What is already known
The gut microbiota is shaped through infancy and contributes to the maturation of the immune system, protecting children from chronic diseases later on in life. However, the community of gut viruses, or the virome, has proved difficult to analyze. As a result, our knowledge about the many viruses found in the infant gut remains limited.
What this research adds
Researchers analyzed the virome of nearly 650 healthy Danish one-year-olds. They found about 10,000 viral species distributed across 248 different viral families, of which only 16 were previously known. Most of the viruses found in the infant gut are bacterial viruses known as bacteriophages, which likely help to keep a balanced gut microbiota by keeping individual bacterial populations in check.
The findings offer new insights into the diversity of the human virome and provide a resource that may help future research into the viruses that populate the infant gut.
The composition of gut microbes during infancy can influence a child’s health later on in life. However, our knowledge about the many viruses found in the infant gut remains limited. Now, researchers have identified more than 230 previously unknown viruses that populate the infant gut.
The findings, published in Nature Microbiology, offer new insights into the diversity of the community of gut viruses, or the virome. They also provide a resource that may help future research into the infant virome.
“[…] From early on in life, healthy children are tumbling about with an extreme diversity of gut viruses, which probably have a major impact on whether they develop various diseases later on in life,” says study senior author Dennis Nielsen at the University of Copenhagen.
The gut microbiota is shaped through infancy and contributes to the maturation of the immune system, protecting children from chronic diseases as they grow up. However, the gut virome has proved difficult to analyze.
To gain insights into the viruses that inhabit the infant gut, researchers led by Nielsen and Shiraz Shah at Copenhagen University Hospital analyzed fecal samples from 647 healthy Danish one-year-olds.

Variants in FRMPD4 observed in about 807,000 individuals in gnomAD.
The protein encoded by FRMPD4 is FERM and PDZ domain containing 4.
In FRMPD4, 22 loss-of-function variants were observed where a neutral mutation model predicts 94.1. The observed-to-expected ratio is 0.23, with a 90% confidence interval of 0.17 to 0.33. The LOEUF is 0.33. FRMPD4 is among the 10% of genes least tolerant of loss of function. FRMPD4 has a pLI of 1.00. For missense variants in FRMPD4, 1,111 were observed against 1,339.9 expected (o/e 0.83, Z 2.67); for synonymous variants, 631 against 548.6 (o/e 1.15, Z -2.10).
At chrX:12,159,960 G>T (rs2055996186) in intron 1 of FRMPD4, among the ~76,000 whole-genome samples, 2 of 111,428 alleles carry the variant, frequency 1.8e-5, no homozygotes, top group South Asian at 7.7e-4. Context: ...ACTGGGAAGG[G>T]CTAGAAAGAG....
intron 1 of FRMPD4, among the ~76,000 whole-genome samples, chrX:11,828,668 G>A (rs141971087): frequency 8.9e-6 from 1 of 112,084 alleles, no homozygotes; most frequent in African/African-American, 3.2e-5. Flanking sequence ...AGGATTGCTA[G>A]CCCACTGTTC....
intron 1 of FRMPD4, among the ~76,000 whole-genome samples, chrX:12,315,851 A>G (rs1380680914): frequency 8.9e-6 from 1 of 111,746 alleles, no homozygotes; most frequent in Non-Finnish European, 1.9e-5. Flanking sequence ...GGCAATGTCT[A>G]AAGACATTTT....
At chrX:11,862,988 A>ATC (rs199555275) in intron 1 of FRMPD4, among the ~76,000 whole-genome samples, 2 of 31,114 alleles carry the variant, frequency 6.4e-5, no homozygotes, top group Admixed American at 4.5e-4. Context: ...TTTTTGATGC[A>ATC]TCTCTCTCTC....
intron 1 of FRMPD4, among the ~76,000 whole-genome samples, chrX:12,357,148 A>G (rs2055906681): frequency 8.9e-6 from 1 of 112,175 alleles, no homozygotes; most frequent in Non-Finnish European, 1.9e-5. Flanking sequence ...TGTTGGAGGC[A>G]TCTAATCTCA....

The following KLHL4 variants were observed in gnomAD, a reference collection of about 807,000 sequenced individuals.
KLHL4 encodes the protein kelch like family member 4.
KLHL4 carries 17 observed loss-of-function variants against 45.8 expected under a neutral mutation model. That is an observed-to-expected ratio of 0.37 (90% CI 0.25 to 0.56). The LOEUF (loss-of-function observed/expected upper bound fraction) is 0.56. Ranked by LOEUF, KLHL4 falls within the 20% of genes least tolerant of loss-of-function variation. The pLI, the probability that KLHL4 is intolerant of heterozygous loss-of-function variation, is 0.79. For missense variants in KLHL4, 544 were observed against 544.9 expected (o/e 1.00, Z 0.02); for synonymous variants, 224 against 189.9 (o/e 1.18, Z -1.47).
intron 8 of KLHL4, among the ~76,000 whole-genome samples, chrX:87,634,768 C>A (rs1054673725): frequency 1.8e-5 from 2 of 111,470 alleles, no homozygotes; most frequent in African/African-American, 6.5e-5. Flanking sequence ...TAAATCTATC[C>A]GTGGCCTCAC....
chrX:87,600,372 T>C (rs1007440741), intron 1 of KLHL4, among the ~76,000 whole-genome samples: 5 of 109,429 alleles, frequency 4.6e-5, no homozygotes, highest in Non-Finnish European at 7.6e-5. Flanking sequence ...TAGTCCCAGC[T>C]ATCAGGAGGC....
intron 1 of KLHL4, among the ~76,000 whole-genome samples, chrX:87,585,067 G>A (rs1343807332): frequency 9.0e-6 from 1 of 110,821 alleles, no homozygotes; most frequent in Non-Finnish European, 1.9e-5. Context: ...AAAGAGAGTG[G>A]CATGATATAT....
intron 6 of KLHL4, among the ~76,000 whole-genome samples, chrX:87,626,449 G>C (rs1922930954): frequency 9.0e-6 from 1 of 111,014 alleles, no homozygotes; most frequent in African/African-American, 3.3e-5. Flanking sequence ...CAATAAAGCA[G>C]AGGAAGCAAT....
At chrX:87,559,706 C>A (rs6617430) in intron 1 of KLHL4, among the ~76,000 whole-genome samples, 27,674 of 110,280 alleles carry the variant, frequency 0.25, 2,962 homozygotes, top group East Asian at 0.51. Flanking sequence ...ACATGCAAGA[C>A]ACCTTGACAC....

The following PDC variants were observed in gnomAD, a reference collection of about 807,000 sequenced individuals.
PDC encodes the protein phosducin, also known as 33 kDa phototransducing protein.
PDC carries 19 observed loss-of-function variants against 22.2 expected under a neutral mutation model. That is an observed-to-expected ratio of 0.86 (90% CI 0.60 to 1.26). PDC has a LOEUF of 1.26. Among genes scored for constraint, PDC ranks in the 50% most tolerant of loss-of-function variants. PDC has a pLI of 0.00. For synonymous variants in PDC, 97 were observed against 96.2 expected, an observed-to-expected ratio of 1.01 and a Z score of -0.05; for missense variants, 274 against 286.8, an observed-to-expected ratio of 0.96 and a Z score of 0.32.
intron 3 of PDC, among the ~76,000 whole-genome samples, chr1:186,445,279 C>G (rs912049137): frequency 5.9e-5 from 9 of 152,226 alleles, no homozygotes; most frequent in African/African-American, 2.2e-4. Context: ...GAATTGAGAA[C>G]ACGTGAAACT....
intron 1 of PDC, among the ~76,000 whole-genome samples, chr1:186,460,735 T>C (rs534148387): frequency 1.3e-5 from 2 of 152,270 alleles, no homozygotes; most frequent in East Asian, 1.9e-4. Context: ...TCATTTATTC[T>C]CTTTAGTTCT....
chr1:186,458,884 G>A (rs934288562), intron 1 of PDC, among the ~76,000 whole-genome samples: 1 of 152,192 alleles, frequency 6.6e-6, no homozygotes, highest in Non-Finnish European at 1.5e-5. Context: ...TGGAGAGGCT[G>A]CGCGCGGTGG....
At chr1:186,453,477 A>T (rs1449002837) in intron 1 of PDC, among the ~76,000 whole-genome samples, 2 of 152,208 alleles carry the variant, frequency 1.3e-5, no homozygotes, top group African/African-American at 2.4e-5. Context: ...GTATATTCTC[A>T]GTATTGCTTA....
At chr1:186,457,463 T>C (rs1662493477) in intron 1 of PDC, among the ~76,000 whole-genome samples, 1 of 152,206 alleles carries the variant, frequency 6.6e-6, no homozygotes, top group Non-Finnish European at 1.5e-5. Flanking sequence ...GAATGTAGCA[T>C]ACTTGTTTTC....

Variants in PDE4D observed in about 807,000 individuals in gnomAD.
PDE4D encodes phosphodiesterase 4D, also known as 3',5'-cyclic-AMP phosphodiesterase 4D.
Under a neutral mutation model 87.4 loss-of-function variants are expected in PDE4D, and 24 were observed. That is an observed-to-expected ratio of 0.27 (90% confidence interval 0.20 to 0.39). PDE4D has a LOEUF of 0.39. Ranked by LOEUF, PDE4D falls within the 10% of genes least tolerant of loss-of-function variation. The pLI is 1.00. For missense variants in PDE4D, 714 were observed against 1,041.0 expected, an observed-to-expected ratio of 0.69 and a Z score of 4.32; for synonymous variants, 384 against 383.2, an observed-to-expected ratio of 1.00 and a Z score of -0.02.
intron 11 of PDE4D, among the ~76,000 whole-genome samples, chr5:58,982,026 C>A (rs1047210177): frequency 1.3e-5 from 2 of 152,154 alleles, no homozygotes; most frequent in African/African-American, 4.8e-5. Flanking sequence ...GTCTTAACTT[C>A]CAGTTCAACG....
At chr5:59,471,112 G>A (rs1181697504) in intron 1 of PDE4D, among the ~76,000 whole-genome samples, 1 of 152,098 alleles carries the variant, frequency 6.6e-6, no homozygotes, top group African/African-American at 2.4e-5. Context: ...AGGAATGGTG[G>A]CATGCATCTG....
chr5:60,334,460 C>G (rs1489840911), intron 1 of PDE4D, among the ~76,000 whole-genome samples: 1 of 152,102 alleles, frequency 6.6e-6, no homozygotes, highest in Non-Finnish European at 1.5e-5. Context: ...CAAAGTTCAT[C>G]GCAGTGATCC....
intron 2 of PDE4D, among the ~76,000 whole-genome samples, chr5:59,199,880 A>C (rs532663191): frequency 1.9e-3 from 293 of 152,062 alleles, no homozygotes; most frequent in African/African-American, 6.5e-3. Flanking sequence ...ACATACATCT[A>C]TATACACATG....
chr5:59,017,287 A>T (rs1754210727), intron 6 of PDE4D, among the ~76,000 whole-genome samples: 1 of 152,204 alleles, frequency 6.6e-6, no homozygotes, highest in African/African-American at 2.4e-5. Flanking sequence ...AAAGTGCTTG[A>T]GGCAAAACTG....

The infants are part of the Copenhagen Prospective Studies on Asthma in Childhood 2010, a group of 700 Danish mother-child pairs.
In the children’s feces, the researchers detected 10,021 viral species distributed across 248 different viral families, of which only 16 were previously known. The researchers named the newly discovered viral families after the children who participated in the study.
Among previously characterized viruses, a type of vertebrate viruses known as Anelloviridae were amongst the most abundant viruses in the infant gut. But the majority of the viruses found in the infant gut were bacterial viruses known as bacteriophages. These viruses infect and kill bacteria but are harmless to the children’s own cells.
Some of the most common bacteriophages in the infant gut were Petitvirales and Caudoviricetes, including Skunaviridae — a family of phages that infect bacteria found in dairy and likely originate from the infants’ diet.
Flandersviridae, a type of phages that infect Bacteroides bacteria, were found in almost half of the children. Other six bacteriophage families, which were previously undescribed, were also prevalent in the infant gut.
The researchers hypothesize that bacteriophages work as allies of the infant gut, likely helping to keep a balanced gut microbiota by keeping individual bacterial populations in check.
“We work from the assumption that bacteriophages are largely responsible for shaping bacterial communities and their function in our intestinal system,” Nielsen says. “Some bacteriophages can provide their host bacterium with properties that make it more competitive by integrating its own genome into the genome of the bacterium. When this occurs, a bacteriophage can then increase a bacterium’s ability to absorb e.g. various carbohydrates, thereby allowing the bacterium to metabolize more things.”